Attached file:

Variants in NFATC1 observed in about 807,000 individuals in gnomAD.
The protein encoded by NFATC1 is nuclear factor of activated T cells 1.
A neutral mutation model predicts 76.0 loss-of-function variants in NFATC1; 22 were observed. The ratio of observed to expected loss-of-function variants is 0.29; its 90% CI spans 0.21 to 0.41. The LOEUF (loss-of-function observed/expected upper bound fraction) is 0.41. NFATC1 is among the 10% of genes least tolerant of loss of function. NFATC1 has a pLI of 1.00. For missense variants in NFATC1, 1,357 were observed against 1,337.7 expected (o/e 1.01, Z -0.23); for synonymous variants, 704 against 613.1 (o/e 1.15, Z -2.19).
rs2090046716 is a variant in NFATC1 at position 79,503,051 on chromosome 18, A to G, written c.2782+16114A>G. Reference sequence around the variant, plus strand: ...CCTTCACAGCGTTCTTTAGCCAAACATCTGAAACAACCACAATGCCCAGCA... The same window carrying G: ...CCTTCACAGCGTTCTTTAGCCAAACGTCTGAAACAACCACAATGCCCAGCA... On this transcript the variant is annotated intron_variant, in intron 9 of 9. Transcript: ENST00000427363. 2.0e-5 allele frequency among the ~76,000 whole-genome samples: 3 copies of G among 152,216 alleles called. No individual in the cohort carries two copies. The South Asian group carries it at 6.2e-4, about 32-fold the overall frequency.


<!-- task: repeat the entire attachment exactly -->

Variants in NFATC1 observed in about 807,000 individuals in gnomAD.
The protein encoded by NFATC1 is nuclear factor of activated T cells 1.
A neutral mutation model predicts 76.0 loss-of-function variants in NFATC1; 22 were observed. The ratio of observed to expected loss-of-function variants is 0.29; its 90% CI spans 0.21 to 0.41. The LOEUF (loss-of-function observed/expected upper bound fraction) is 0.41. NFATC1 is among the 10% of genes least tolerant of loss of function. NFATC1 has a pLI of 1.00. For missense variants in NFATC1, 1,357 were observed against 1,337.7 expected (o/e 1.01, Z -0.23); for synonymous variants, 704 against 613.1 (o/e 1.15, Z -2.19).
rs2090046716 is a variant in NFATC1 at position 79,503,051 on chromosome 18, A to G, written c.2782+16114A>G. Reference sequence around the variant, plus strand: ...CCTTCACAGCGTTCTTTAGCCAAACATCTGAAACAACCACAATGCCCAGCA... The same window carrying G: ...CCTTCACAGCGTTCTTTAGCCAAACGTCTGAAACAACCACAATGCCCAGCA... On this transcript the variant is annotated intron_variant, in intron 9 of 9. Transcript: ENST00000427363. 2.0e-5 allele frequency among the ~76,000 whole-genome samples: 3 copies of G among 152,216 alleles called. No individual in the cohort carries two copies. The South Asian group carries it at 6.2e-4, about 32-fold the overall frequency.